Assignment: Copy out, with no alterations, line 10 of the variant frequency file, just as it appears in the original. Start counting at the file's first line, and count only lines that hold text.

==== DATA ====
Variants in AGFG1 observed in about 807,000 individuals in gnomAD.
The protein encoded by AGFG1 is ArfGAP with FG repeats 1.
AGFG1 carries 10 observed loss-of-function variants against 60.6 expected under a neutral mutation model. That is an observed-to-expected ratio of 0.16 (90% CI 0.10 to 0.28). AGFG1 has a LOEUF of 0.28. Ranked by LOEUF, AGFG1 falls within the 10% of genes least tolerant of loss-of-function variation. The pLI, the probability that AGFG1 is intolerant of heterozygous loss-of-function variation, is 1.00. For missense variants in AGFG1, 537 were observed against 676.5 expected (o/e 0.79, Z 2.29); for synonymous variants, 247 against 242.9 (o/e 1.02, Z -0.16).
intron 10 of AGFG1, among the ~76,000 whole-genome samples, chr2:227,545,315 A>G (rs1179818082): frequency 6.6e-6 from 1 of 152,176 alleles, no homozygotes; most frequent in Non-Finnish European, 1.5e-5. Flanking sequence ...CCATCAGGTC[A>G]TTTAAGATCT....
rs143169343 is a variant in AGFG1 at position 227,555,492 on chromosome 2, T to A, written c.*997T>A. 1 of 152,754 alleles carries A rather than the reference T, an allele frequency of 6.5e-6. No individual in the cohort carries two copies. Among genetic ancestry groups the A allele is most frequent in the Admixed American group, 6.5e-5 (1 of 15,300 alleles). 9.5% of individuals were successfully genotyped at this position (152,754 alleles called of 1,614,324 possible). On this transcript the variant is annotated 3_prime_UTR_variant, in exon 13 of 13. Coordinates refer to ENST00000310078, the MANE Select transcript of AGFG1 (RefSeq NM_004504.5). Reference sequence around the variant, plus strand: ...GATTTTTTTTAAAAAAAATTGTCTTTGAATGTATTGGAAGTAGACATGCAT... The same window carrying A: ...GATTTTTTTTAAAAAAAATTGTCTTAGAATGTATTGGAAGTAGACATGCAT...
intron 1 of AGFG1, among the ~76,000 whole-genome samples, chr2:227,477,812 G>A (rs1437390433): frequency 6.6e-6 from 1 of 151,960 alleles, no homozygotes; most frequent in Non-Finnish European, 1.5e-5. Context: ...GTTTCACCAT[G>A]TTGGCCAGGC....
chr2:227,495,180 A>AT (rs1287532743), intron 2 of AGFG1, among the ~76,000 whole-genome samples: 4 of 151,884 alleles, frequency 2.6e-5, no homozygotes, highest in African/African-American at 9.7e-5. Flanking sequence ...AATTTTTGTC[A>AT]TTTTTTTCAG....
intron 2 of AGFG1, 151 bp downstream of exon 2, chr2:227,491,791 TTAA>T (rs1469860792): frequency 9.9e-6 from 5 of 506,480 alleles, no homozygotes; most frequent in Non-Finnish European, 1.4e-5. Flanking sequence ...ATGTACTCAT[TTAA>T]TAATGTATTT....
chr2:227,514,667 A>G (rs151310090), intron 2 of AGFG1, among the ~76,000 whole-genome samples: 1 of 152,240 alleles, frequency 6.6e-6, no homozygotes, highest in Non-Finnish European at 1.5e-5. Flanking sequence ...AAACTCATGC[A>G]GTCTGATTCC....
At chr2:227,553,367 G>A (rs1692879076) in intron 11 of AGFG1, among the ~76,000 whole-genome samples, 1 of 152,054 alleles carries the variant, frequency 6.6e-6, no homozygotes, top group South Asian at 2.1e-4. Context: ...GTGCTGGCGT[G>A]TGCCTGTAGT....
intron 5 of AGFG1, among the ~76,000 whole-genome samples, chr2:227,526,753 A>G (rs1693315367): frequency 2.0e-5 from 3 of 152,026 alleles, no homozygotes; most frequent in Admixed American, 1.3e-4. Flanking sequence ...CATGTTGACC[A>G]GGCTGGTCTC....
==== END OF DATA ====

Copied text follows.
At chr2:227,553,367 G>A (rs1692879076) in intron 11 of AGFG1, among the ~76,000 whole-genome samples, 1 of 152,054 alleles carries the variant, frequency 6.6e-6, no homozygotes, top group South Asian at 2.1e-4. Context: ...GTGCTGGCGT[G>A]TGCCTGTAGT....